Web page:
A tire and scrap metal fire that sent black smoke billowing over George Town for hours Friday took 19 hours and 49 minutes to entirely extinguish.
Cayman Islands Fire Service crews reported the official start time of the blaze as 4:12 a.m. Friday and said the fire was out by 12:01 a.m. Saturday.
However, even then it wasn’t over. Deputy Chief Fire Officer Craig McCoy said fire crews stayed on scene until nearly 8 a.m. Saturday to ensure no flare ups occurred in the burning mass of metal and rubber.
“There have been flare ups there [with landfill fires] over the years,” Mr. McCoy said. “They were just making sure there weren’t any residual spots to flare back up.”
Late Friday night, fire crews were still using excavators to turn over tires and make sure nothing underneath the pile of rubbish was still hot. Luckily, Deputy Chief McCoy said, flames did not spread to a large pile of tires next to where Friday’s inferno started.
Although a number of fire engines were on scene during the course of the landfill fire, Mr. McCoy said other units were being held in reserve at the Frank Sound fire station, in case other fire calls were made.
“We were using two ladder trucks, a tanker, two pumper trailers and an aerodrome [fire] truck,” he said. “If something had happened elsewhere, we would still have to respond.”
By Monday, no one had determined an official cause of the fire. Mr. McCoy said it was entirely possible that some of the gas and propane tanks discarded in the scrap metal may have spontaneously combusted.
Friday’s blaze revealed a number of problems at the landfill, according to Health Minister Osbourne Bodden.
Mr. Bodden said the scrap metal pile where the fire originated contained old junked cars and some propane tanks as well. There was obviously some fuel left in the discarded tanks, the minister said, because a number of small explosions were heard coming from inside the burning area.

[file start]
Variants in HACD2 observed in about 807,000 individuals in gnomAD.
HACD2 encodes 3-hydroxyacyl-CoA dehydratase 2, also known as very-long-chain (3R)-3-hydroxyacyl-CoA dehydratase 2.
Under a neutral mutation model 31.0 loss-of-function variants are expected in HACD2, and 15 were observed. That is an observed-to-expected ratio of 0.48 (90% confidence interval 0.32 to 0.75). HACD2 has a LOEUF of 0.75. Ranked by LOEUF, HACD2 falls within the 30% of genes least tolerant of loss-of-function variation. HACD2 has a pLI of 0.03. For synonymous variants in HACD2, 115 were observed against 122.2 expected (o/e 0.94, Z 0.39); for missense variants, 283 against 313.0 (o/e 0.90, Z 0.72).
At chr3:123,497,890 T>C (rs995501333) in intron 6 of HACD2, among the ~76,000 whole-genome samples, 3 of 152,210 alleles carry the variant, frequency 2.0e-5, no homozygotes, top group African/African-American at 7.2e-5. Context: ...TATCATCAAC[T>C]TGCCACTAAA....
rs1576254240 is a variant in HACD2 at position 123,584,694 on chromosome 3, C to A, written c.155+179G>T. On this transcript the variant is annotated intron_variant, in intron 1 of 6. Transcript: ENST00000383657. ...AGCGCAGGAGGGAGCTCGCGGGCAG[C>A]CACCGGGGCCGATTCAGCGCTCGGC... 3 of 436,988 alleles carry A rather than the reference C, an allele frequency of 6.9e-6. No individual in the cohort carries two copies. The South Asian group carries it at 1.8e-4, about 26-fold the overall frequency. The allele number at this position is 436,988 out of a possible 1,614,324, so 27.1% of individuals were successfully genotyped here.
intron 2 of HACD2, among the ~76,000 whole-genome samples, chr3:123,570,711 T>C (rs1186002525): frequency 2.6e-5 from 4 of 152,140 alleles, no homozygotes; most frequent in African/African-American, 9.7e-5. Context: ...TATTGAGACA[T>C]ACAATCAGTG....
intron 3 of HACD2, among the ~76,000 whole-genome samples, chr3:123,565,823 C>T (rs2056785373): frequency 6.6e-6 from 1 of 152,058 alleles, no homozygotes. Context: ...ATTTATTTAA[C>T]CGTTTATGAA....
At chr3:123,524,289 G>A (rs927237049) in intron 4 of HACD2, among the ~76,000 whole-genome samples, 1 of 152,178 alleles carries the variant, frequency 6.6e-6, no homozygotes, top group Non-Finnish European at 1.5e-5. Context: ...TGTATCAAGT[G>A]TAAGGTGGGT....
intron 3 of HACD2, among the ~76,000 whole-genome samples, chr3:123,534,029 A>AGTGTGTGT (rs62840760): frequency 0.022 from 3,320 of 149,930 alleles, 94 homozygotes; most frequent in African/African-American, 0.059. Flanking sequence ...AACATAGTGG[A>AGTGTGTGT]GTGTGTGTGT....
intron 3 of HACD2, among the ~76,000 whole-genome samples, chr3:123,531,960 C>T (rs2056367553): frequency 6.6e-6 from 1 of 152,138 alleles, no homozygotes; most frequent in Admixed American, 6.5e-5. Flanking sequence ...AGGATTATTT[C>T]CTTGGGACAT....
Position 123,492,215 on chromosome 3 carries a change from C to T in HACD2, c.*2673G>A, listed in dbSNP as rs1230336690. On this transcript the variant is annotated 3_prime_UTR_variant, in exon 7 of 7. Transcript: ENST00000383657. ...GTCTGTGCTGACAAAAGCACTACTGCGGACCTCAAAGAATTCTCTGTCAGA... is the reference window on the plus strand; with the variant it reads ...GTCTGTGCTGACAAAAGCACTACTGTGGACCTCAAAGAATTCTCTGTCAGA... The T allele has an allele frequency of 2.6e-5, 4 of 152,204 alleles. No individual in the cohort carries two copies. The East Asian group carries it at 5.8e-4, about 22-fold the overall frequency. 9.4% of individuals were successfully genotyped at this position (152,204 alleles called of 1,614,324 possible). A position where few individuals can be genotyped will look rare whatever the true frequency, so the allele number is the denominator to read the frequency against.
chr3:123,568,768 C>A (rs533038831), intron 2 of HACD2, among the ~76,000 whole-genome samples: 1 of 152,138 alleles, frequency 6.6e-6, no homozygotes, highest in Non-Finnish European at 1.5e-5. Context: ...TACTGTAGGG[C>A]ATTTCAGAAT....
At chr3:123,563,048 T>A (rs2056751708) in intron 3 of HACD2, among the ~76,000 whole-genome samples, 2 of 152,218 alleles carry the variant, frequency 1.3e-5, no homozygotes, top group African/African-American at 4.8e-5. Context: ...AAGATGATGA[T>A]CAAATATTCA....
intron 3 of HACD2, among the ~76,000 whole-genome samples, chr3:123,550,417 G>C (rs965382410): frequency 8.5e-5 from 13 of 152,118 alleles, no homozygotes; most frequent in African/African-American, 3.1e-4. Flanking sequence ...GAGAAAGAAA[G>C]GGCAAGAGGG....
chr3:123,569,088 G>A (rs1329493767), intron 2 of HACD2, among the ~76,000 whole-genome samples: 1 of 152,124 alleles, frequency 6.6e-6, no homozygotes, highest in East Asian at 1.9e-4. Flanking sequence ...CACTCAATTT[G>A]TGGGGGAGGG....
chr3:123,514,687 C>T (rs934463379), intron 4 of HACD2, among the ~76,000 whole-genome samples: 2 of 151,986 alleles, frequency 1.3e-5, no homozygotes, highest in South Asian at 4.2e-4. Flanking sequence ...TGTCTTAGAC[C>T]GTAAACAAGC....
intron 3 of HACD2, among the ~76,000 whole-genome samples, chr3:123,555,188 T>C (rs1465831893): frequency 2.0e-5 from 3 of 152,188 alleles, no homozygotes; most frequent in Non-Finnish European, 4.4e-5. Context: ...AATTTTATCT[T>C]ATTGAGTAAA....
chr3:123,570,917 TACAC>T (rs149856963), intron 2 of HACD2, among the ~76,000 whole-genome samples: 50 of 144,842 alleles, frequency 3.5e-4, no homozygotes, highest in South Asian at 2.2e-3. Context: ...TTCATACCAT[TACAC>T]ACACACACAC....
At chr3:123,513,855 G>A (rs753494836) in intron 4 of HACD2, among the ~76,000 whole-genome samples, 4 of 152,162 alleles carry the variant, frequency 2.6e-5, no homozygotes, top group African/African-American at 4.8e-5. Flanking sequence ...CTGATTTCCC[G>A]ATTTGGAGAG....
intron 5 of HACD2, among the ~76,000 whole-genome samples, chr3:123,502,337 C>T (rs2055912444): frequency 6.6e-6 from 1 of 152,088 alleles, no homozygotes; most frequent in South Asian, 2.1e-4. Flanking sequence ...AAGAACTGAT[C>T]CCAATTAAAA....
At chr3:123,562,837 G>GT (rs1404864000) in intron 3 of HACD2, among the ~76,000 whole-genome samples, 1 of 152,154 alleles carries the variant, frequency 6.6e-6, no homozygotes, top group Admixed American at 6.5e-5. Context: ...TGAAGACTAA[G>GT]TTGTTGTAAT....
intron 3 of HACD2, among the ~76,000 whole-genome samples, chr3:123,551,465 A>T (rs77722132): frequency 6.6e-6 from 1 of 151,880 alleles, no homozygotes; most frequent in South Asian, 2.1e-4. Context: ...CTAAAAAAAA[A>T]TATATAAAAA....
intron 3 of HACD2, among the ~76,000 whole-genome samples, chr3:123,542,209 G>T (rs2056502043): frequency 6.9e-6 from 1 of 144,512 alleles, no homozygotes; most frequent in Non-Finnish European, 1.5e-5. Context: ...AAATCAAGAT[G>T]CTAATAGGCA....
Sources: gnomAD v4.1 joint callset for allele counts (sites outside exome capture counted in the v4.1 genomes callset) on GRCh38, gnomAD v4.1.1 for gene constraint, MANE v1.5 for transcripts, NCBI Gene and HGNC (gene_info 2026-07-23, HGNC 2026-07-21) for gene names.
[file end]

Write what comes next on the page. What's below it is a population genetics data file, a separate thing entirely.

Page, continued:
“It’s quite a risky situation,” Mr. Bodden said. “I think we have to look at the protocol on that before we put any more junked cars over there. They’re not removing the fuel cells from the crushed vehicles.”
In addition, initial firefighting efforts were hampered when there was a problem with two excavators at the landfill and they could not be used to dig up the burning piles of rubbish. During such fires, Deputy Chief McCoy said, fire crews must dig down into the mounds of trash and put out the seat of the blaze.
“Apparently, the excavators on site broke down,” Mr. McCoy said.
The excavators haven’t worked in some time, apparently, and Minister Bodden said the equipment had not been replaced due to “lack of budget.”
Another excavator was brought in to assist firefighters, and a steady supply of water was established quickly from a nearby dike road.
Although there have been a number of large fires at the George Town landfill over the years, very few, if any, have involved burning tires – which was the reason for the large columns of black smoke that could be seen drifting over Grand Cayman’s Seven Mile Beach on Friday.
Tire fires, according to the U.S. Environmental Protection Agency, are generally more serious than common landfill fires, more difficult to extinguish and harder to clean up.
The U.S. agency does not consider scrap tires hazardous waste. However, burning tires can break down into hazardous gas compounds. In addition, the average tire for a passenger car is estimated to produce more than two gallons of oil when burned, according to the U.S. Rubber Manufacturers Association.